Speaking English not American, words and phrases that are different in England.
Language is a lot of fun. I knew what “bloody,” “dodgy,” “jumper,” “loo,” and “lorry” meant, but here are a few differences in speech and vocabulary:
Emphasis on the second word or syllable, for example, it’s not STONE-henge, it’s stone-HENge. It’s not WEEK-end, it’s wee-KEND.
When you cut your hair to sit above your eyebrows, it’s fringe, never bangs.
The first floor of a building is up one flight of stairs. The one level with the street is the ground floor.
Strong flour is bread flour in the states.
Surgeons are doctors, surgeries are clinics, solicitors are lawyers. Movers are removers.
It’s called a stroke (/) not a slash (/).
It’s rocket, not arugula. And coriander, not cilantro.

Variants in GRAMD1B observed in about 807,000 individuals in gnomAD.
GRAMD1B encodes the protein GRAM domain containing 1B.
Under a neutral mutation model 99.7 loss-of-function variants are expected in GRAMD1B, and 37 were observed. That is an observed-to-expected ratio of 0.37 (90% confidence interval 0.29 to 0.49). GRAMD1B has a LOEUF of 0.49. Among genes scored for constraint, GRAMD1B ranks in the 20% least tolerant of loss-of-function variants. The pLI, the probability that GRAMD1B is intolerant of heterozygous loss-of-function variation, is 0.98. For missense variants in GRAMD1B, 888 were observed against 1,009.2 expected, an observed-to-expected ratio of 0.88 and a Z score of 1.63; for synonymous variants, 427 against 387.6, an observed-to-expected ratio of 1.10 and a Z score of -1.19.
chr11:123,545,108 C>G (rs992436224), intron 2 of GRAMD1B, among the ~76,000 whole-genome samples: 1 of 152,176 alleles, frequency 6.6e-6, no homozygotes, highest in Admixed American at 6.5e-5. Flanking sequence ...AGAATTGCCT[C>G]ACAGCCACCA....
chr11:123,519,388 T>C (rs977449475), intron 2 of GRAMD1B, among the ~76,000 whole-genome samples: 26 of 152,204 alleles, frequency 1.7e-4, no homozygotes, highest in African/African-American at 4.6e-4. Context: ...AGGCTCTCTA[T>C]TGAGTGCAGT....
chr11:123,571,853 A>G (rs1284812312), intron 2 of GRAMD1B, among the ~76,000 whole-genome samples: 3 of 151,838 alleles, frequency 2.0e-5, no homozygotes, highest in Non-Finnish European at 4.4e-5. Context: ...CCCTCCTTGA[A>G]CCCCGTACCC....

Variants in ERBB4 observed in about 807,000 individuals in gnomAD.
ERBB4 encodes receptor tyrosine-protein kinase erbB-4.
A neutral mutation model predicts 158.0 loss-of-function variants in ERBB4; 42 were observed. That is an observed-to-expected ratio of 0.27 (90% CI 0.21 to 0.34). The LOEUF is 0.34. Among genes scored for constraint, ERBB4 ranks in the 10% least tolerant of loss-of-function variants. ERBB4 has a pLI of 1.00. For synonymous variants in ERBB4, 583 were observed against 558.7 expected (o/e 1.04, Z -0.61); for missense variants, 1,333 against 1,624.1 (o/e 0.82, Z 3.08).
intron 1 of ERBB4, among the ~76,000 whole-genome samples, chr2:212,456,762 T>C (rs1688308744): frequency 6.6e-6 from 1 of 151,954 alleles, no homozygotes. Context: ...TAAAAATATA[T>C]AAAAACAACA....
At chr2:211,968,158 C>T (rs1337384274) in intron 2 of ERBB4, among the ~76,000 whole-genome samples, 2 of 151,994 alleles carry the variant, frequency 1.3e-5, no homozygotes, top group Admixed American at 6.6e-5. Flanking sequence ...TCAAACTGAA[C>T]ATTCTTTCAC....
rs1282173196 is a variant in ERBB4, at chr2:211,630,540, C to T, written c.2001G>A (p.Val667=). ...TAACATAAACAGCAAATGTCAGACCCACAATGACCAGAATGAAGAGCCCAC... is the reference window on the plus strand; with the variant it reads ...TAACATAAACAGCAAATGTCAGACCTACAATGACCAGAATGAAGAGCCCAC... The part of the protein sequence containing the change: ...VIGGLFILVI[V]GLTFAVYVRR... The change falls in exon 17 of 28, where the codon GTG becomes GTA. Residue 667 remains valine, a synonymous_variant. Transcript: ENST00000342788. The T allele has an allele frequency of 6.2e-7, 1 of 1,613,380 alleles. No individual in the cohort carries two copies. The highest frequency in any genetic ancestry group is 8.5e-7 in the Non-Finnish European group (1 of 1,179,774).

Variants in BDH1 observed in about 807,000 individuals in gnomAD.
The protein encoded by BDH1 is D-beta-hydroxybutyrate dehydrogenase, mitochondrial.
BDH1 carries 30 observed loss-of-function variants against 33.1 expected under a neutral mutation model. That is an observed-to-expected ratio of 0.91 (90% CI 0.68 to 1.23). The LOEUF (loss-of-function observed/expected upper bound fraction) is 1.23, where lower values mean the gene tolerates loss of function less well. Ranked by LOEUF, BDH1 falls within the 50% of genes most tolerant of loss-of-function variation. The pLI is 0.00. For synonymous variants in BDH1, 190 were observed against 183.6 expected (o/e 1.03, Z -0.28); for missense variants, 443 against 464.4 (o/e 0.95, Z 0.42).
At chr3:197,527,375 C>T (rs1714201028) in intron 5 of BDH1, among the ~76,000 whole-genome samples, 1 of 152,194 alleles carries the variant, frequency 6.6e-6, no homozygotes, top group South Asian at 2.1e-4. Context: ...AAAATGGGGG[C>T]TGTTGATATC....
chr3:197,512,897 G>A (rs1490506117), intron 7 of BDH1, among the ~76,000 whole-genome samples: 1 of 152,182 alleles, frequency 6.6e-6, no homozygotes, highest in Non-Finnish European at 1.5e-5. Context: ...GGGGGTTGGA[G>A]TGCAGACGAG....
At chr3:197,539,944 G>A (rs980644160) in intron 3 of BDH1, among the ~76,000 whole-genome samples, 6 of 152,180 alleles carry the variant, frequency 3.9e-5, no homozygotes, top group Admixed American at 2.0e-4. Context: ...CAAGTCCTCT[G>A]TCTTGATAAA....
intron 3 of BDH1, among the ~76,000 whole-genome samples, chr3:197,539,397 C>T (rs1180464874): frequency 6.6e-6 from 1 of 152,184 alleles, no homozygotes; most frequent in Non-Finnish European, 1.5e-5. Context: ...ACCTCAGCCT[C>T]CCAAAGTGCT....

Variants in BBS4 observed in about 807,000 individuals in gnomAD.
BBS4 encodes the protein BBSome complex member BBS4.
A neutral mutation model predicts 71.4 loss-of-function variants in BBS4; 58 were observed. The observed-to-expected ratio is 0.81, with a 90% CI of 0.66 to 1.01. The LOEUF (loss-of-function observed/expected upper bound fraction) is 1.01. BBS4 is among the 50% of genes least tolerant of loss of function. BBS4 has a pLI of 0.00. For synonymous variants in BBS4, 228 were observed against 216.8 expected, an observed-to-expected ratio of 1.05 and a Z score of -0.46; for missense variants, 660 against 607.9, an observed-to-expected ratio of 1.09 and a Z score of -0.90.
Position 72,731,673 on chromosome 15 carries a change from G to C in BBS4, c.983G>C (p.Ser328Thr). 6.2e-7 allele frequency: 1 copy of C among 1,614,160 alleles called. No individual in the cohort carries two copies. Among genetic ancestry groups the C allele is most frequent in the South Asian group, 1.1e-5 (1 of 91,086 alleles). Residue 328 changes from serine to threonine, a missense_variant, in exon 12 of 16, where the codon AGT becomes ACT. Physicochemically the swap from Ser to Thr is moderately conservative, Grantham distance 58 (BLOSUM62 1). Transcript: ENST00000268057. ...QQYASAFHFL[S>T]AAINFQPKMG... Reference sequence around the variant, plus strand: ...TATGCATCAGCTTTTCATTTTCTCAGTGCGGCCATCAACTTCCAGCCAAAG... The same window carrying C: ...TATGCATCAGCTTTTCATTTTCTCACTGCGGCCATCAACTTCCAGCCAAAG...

At work, when I do a quick sketchy mockup of a design, it’s a scamp.
And an off-license is where you buy booze, not the liquor store.
A movie theatre is a cinema or Odeon.
Bonus: A cheeky ______ and “you alright?” It took me forever to understand the nuance of this. A cheeky pint, for example, is a pint that maybe you had to be talked into, but you want and will enjoy. Like, “oh yeah, then I stopped in for a cheeky pint before going home.” Maybe you shouldn’t have, but you did, and no harm done.
You alright freaked me the fuck out the first time I heard it, looking nervous on my first day of work, my boss asked, “you alright?” and I was like, “UHHH yeah, i’m ok? What? Is something wrong?” “You alright?” is “How’s it going?” The correct response is “yeah, yeah, good. You?” Or if you’re extra British, you can say, “yeah, good. Pretty chilly out, today, yeah?”